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Governor Ralph Northam of Virginia.

RICHMOND, Virginia, January 14, 2016 (LifeSiteNews) – The commonwealth of Virginia has launched a $9-million federally funded contraceptive program targeting poor women with subsidized birth control drugs. The pilot program focuses on increasing awareness and use of long-acting reversible contraceptives (LARCs).

“Family planning leads to better outcomes for women, their children, and the community as a whole,” a press release last Friday from Lt. Gov. Ralph Northam stated.

“About half of all pregnancies in the United States are unplanned,” the statement said. “Medical advances in contraception have led to the availability of methods that are more effective but not all Virginians know this or can afford birth control. This investment is based on recommendations of the Commonwealth Council on Childhood Success and provides education and access for those who need assistance.”

More than 8,000 Virginia residents were forcibly sterilized between the years of 1924 and 1979 in a government program targeting individuals found to be affected by insanity, “idiocy, imbecility, feeble-mindedness, or epilepsy.”

Virginia's “program to increase education and access to reproductive health services” would also make specifics about varying types of birth control available to women, train contraception providers, and create one staff member position. Northam will manage working with legislators for its approval in the budget.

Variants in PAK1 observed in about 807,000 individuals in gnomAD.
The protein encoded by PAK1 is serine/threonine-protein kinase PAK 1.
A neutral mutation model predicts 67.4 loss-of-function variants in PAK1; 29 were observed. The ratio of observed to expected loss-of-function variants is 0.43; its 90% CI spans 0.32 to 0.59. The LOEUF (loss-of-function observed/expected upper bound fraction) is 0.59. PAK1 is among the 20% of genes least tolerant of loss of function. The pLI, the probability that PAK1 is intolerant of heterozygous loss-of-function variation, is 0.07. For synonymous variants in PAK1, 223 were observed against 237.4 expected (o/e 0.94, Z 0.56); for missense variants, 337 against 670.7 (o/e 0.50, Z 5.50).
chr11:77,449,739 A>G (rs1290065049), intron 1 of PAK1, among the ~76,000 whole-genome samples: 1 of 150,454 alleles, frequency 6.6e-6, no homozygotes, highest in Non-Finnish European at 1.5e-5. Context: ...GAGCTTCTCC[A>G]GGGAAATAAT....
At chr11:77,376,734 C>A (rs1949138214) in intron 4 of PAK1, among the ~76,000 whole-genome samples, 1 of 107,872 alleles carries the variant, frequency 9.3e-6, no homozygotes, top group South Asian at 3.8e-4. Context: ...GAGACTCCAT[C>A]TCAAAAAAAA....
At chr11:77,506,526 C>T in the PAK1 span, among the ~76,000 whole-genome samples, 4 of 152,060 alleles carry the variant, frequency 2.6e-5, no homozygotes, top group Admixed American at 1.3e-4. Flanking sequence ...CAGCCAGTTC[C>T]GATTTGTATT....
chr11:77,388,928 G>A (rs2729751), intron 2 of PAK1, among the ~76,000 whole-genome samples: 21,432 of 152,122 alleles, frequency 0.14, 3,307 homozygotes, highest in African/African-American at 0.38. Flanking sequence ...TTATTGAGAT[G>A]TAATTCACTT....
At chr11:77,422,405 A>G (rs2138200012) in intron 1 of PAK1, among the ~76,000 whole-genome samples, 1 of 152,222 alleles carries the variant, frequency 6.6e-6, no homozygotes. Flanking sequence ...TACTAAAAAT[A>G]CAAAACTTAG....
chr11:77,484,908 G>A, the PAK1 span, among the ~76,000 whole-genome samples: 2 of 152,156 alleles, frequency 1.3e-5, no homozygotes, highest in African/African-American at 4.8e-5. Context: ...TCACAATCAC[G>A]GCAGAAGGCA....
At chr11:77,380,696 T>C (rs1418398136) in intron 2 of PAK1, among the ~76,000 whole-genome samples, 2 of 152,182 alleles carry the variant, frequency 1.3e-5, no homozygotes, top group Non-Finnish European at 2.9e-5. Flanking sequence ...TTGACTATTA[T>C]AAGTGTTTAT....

Core components of the program as listed by the commonwealth are:

  • Providing the contraception at no cost to eligible women
  • Conducting outreach to increase awareness and education regarding the full range of contraceptive options available
  • Training clinicians on procedures and uses of the contraceptive options
  • Measuring the impact of greater access to better birth control

The Virginia contraception program mirrors one in Colorado, which Virginia is touting as successful with a reported 40-percent drop in teen births and a savings of $5 in Medicaid costs for each dollar spent by the program. But the pregnancy reduction figure publicized by the commonwealth ignores the abortifacient nature of many LARCs, and the Medicaid savings cited reduce human life to financial cost.

While funds for Virginia's new subsidized contraception initiative would come from the federal government, the pilot program is tied to Governor Terry McAuliffe's two-year budget, a report from the local NBC affiliate WSLS-10 said.

McAuliffe has a known record of strong support for abortion, including promising during his gubernatorial campaign to keep subpar abortion facilities open by executive action, and dismissing investigations of Planned Parenthood for its trafficking in human remains as simply political attacks.

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One pro-life organization criticized the Virginia contraception push and cautioned against the hidden dangers.

“The McAuliffe administration's press release is full of Orwellian newspeak, making the even more radical promotion of dangerous contraceptives for poor women sound like an act of justice and concern rather than what it is: population control,” Stephen Phelan, director of mission communications for Human Life International, told LifeSiteNews.